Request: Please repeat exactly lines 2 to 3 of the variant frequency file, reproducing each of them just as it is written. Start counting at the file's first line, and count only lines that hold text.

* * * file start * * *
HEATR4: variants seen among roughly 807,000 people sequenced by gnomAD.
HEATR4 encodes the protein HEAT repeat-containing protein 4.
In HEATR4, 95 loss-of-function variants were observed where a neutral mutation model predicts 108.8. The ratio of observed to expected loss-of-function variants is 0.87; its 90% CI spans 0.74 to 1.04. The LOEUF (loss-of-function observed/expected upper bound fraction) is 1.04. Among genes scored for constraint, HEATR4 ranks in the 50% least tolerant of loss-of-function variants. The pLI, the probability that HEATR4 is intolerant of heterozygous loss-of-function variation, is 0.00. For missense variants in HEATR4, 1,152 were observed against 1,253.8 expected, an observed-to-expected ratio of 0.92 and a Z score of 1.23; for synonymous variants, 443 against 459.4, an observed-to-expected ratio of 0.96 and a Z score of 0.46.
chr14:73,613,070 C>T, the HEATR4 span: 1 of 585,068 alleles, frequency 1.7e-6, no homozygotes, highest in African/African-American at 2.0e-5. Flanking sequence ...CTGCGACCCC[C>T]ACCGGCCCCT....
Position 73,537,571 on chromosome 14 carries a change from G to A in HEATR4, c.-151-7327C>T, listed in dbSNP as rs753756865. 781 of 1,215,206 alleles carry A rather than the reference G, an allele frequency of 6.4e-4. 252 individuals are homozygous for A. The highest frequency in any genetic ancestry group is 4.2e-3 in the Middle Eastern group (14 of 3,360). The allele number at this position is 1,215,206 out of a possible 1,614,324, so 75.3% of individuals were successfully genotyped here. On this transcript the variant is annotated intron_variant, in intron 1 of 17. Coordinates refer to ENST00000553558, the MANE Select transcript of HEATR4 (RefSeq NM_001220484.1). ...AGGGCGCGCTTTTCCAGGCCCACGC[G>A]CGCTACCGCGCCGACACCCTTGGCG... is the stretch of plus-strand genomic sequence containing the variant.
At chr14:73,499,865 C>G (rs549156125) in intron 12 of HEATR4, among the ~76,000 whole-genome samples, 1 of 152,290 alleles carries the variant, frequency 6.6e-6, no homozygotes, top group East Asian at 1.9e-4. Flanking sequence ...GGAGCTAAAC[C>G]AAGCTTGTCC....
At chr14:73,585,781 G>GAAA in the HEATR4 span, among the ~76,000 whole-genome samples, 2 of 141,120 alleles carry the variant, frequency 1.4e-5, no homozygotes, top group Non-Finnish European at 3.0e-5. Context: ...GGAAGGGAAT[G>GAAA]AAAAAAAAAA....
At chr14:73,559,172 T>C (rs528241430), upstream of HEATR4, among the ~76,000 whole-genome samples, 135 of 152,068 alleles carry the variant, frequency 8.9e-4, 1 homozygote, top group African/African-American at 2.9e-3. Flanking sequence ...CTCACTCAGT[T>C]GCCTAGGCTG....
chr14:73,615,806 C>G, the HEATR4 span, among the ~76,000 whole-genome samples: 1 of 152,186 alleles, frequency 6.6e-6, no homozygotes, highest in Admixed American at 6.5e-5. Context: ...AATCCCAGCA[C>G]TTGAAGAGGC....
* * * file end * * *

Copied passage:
HEATR4 encodes the protein HEAT repeat-containing protein 4.
In HEATR4, 95 loss-of-function variants were observed where a neutral mutation model predicts 108.8. The ratio of observed to expected loss-of-function variants is 0.87; its 90% CI spans 0.74 to 1.04. The LOEUF (loss-of-function observed/expected upper bound fraction) is 1.04. Among genes scored for constraint, HEATR4 ranks in the 50% least tolerant of loss-of-function variants. The pLI, the probability that HEATR4 is intolerant of heterozygous loss-of-function variation, is 0.00. For missense variants in HEATR4, 1,152 were observed against 1,253.8 expected, an observed-to-expected ratio of 0.92 and a Z score of 1.23; for synonymous variants, 443 against 459.4, an observed-to-expected ratio of 0.96 and a Z score of 0.46.